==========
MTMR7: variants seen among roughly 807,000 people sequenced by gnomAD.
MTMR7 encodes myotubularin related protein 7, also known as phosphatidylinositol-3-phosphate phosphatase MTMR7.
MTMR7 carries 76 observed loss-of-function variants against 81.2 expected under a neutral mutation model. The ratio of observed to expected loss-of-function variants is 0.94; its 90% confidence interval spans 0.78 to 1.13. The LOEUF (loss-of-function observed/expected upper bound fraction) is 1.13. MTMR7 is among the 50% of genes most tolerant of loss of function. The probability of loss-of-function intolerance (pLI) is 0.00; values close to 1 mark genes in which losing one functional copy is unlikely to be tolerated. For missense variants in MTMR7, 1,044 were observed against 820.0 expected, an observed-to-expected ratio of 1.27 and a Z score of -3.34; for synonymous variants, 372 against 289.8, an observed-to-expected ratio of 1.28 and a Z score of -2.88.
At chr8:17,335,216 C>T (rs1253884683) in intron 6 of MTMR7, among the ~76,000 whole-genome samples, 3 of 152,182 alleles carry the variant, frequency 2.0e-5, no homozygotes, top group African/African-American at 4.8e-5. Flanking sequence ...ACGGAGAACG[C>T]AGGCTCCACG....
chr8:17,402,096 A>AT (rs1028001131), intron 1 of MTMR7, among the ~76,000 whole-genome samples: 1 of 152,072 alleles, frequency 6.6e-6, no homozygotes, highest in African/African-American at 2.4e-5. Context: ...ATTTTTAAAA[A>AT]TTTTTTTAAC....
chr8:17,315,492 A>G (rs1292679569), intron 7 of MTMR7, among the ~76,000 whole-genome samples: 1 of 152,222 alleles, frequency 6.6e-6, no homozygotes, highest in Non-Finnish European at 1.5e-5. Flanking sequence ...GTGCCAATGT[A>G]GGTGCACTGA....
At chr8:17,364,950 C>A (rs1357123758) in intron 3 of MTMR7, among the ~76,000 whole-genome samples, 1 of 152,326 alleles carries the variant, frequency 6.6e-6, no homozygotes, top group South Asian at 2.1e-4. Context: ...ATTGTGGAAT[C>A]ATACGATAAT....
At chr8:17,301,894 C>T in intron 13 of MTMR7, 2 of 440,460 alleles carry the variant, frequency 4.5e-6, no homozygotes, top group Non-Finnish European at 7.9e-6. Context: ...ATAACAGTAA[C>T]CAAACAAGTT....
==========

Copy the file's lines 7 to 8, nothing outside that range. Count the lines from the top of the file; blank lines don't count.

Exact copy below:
At chr8:17,364,950 C>A (rs1357123758) in intron 3 of MTMR7, among the ~76,000 whole-genome samples, 1 of 152,326 alleles carries the variant, frequency 6.6e-6, no homozygotes, top group South Asian at 2.1e-4. Context: ...ATTGTGGAAT[C>A]ATACGATAAT....
At chr8:17,301,894 C>T in intron 13 of MTMR7, 2 of 440,460 alleles carry the variant, frequency 4.5e-6, no homozygotes, top group Non-Finnish European at 7.9e-6. Context: ...ATAACAGTAA[C>T]CAAACAAGTT....